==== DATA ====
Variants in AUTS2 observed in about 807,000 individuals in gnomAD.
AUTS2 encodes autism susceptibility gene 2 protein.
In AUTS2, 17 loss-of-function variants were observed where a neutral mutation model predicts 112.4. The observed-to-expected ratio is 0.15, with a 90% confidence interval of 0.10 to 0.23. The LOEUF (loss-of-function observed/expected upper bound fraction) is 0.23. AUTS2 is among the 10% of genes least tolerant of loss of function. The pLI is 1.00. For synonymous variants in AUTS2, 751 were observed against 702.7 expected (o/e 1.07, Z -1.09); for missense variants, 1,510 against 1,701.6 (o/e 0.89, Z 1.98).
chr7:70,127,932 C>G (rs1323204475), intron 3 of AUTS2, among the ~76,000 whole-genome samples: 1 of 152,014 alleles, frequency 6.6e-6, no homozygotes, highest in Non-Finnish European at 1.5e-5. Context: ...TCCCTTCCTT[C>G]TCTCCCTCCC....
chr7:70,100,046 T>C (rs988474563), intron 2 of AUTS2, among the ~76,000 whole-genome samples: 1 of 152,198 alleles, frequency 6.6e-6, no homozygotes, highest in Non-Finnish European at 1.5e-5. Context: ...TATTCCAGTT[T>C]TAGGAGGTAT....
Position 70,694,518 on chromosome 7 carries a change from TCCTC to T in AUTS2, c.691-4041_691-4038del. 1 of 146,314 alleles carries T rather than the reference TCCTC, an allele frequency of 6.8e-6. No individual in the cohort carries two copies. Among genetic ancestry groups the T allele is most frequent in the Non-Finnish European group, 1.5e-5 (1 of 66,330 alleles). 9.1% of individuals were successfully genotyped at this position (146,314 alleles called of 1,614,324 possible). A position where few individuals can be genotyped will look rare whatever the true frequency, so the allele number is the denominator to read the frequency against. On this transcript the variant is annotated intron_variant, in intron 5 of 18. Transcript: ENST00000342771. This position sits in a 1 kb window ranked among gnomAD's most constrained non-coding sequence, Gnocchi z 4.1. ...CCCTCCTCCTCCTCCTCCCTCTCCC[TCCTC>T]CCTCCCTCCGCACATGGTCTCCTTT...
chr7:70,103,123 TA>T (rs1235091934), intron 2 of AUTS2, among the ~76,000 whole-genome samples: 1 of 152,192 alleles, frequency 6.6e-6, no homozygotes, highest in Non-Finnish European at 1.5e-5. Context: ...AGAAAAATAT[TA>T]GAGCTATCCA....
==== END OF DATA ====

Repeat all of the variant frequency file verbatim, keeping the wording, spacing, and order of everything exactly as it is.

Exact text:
Variants in AUTS2 observed in about 807,000 individuals in gnomAD.
AUTS2 encodes autism susceptibility gene 2 protein.
In AUTS2, 17 loss-of-function variants were observed where a neutral mutation model predicts 112.4. The observed-to-expected ratio is 0.15, with a 90% confidence interval of 0.10 to 0.23. The LOEUF (loss-of-function observed/expected upper bound fraction) is 0.23. AUTS2 is among the 10% of genes least tolerant of loss of function. The pLI is 1.00. For synonymous variants in AUTS2, 751 were observed against 702.7 expected (o/e 1.07, Z -1.09); for missense variants, 1,510 against 1,701.6 (o/e 0.89, Z 1.98).
chr7:70,127,932 C>G (rs1323204475), intron 3 of AUTS2, among the ~76,000 whole-genome samples: 1 of 152,014 alleles, frequency 6.6e-6, no homozygotes, highest in Non-Finnish European at 1.5e-5. Context: ...TCCCTTCCTT[C>G]TCTCCCTCCC....
chr7:70,100,046 T>C (rs988474563), intron 2 of AUTS2, among the ~76,000 whole-genome samples: 1 of 152,198 alleles, frequency 6.6e-6, no homozygotes, highest in Non-Finnish European at 1.5e-5. Context: ...TATTCCAGTT[T>C]TAGGAGGTAT....
Position 70,694,518 on chromosome 7 carries a change from TCCTC to T in AUTS2, c.691-4041_691-4038del. 1 of 146,314 alleles carries T rather than the reference TCCTC, an allele frequency of 6.8e-6. No individual in the cohort carries two copies. Among genetic ancestry groups the T allele is most frequent in the Non-Finnish European group, 1.5e-5 (1 of 66,330 alleles). 9.1% of individuals were successfully genotyped at this position (146,314 alleles called of 1,614,324 possible). A position where few individuals can be genotyped will look rare whatever the true frequency, so the allele number is the denominator to read the frequency against. On this transcript the variant is annotated intron_variant, in intron 5 of 18. Transcript: ENST00000342771. This position sits in a 1 kb window ranked among gnomAD's most constrained non-coding sequence, Gnocchi z 4.1. ...CCCTCCTCCTCCTCCTCCCTCTCCC[TCCTC>T]CCTCCCTCCGCACATGGTCTCCTTT...
chr7:70,103,123 TA>T (rs1235091934), intron 2 of AUTS2, among the ~76,000 whole-genome samples: 1 of 152,192 alleles, frequency 6.6e-6, no homozygotes, highest in Non-Finnish European at 1.5e-5. Context: ...AGAAAAATAT[TA>T]GAGCTATCCA....